Some of us may have been lucky enough to have a parent or older sibling who was good with money. We were able to learn by watching them manage their money. But because money is so secretive, its often hard to see what they were actually doing on a day-to-day basis.
This post will cover a few of the best practices, the best money management tips, and the best ways to manage your money.
If you’re reading this post my guess is that you’re probably already doing some of these things, or maybe all of them! But you might find something new to add to your financial routine. Something to make it stronger and easier to manage in the future.
Emergency funds are great. There are lots of reasons why you should have an emergency fund. Financial emergencies happen all the time. It could be an unexpected car repair, the deductible on your home insurance, or something really terrible, like dropping your iPhone and it shattering into a million pieces.
The common recommendation is to have between 3 and 6 months of living expenses in your e-fund (more if you have variable income or work in an industry known for layoffs).
But saving 3 to 6 months of expenses can seem daunting. Even saving up just one month of expenses in your emergency fund can take a very long time if you’re just making ends meet.
Don’t get discouraged, emergency funds are great, even small ones. Having just $100 in a savings account can make a huge difference.
If it seems like it’s taking forever to reach your e-fund goal, and you want to build your emergency fund faster, then try one, two, or all eight of these ideas to help boost your e-fund quickly.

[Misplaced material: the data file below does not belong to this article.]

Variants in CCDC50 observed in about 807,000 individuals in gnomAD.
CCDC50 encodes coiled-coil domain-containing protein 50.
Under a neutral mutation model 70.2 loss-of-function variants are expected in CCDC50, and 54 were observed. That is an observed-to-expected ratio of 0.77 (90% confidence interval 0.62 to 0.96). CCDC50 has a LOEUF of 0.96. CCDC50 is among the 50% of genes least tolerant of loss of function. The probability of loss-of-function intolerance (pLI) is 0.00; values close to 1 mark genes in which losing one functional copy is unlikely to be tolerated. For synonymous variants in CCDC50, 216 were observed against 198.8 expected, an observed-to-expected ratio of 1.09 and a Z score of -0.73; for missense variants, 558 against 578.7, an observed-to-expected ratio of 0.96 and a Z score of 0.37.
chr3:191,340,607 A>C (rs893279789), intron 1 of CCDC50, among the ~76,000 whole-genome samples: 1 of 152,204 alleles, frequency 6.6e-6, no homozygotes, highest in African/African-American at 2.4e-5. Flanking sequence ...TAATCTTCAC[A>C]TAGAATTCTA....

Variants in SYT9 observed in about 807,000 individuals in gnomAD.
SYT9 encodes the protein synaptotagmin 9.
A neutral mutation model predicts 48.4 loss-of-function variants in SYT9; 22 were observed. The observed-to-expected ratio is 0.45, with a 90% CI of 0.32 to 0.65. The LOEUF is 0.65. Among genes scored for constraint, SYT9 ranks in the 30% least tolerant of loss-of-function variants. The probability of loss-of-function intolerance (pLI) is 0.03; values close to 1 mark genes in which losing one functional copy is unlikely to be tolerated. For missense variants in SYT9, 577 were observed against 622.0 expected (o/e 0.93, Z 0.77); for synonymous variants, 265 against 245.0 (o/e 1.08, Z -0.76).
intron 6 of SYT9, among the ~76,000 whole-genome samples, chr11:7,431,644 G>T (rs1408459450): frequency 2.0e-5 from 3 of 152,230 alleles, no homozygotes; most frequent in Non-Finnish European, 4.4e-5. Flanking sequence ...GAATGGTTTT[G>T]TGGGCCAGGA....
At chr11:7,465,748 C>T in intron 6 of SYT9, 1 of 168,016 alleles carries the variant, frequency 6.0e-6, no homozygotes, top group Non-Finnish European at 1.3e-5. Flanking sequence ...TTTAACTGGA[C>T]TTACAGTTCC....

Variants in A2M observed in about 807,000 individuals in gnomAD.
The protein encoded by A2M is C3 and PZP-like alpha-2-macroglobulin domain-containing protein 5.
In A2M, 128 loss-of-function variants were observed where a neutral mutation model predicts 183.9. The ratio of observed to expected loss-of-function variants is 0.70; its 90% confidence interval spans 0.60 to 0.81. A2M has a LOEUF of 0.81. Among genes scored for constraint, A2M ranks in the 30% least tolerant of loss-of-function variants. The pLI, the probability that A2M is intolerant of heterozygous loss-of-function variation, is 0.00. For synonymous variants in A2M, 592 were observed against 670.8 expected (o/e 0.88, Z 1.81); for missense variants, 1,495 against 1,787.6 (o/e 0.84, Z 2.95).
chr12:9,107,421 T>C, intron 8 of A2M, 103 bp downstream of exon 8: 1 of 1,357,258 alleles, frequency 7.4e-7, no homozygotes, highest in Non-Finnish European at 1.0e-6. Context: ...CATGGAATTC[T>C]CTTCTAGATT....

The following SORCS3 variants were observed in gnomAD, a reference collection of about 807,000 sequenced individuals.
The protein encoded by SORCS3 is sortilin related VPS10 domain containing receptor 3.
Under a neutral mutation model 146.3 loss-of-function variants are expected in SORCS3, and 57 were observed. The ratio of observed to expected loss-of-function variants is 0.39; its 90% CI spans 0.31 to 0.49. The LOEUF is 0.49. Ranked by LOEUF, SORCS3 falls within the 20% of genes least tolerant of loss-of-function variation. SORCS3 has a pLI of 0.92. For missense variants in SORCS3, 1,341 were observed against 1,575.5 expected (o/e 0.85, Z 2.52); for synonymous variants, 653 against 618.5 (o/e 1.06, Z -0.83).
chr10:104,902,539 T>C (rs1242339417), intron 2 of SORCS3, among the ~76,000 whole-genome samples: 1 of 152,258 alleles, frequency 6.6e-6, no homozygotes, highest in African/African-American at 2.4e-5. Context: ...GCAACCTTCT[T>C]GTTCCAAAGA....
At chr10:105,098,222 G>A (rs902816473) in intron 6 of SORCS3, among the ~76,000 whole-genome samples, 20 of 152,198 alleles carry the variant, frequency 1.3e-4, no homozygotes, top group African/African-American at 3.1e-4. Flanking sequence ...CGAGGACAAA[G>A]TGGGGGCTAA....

When you’re on a tight budget the fear of the unknown is very real. Any little bump can cause major issues. Things like an emergency fund are key to help avoid those issues. An emergency fund helps bridge the gap when cash flow is tight. More importantly however is that an emergency fund helps you worry less about the unknown.
Emergency funds aren’t the only thing that can help you worry less.
There are many things you can do to increase your financial flexibility and worry less about those unknown problems that come up from time to time.
One thing you can do is have a high savings rate. Having a high (+20%) savings rate will give you room breathe.
Another thing you can do is have more than one income stream. Having income from your job, plus investments, plus rentals/AirBnB, plus side gigs will help increase your financial flexibility.
Lastly, and this is what I want to share with you now, having an emergency budget will help you prepare for the bad times and worry less during the good times.
A lot. That’s how many.
Last year 64% of millennials said that they feel stressed about their finances!*
Financial stress impacts us more than any other stress factor. More than our family, more than our health, more than our job, we stress about money the most.
This isn’t too surprising.
Money is at the center of everything we do. Without money, we can’t survive. In the past, it was possible to get by without money. You could barter, trade, do it yourself. But in the 21st century that’s not realistic. Are you going to build your own smart phone? Everyone needs money.
Because everyone needs money everyone is at risk of feeling financial stress. But it doesn’t have to be that way. Here are five ways to reduce your financial stress.